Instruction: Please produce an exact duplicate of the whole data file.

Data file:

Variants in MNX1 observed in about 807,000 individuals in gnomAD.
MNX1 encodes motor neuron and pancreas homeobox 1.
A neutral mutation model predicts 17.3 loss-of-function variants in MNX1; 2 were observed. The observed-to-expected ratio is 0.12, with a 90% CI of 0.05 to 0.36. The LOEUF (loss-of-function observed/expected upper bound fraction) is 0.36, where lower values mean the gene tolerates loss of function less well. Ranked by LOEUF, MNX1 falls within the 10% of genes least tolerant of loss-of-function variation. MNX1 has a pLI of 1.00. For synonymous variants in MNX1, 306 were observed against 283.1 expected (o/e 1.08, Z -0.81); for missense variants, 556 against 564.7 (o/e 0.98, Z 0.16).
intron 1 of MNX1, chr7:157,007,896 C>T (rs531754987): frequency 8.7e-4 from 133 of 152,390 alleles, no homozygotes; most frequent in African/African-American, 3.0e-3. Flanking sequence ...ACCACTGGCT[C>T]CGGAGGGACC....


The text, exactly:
Variants in MNX1 observed in about 807,000 individuals in gnomAD.
MNX1 encodes motor neuron and pancreas homeobox 1.
A neutral mutation model predicts 17.3 loss-of-function variants in MNX1; 2 were observed. The observed-to-expected ratio is 0.12, with a 90% CI of 0.05 to 0.36. The LOEUF (loss-of-function observed/expected upper bound fraction) is 0.36, where lower values mean the gene tolerates loss of function less well. Ranked by LOEUF, MNX1 falls within the 10% of genes least tolerant of loss-of-function variation. MNX1 has a pLI of 1.00. For synonymous variants in MNX1, 306 were observed against 283.1 expected (o/e 1.08, Z -0.81); for missense variants, 556 against 564.7 (o/e 0.98, Z 0.16).
intron 1 of MNX1, chr7:157,007,896 C>T (rs531754987): frequency 8.7e-4 from 133 of 152,390 alleles, no homozygotes; most frequent in African/African-American, 3.0e-3. Flanking sequence ...ACCACTGGCT[C>T]CGGAGGGACC....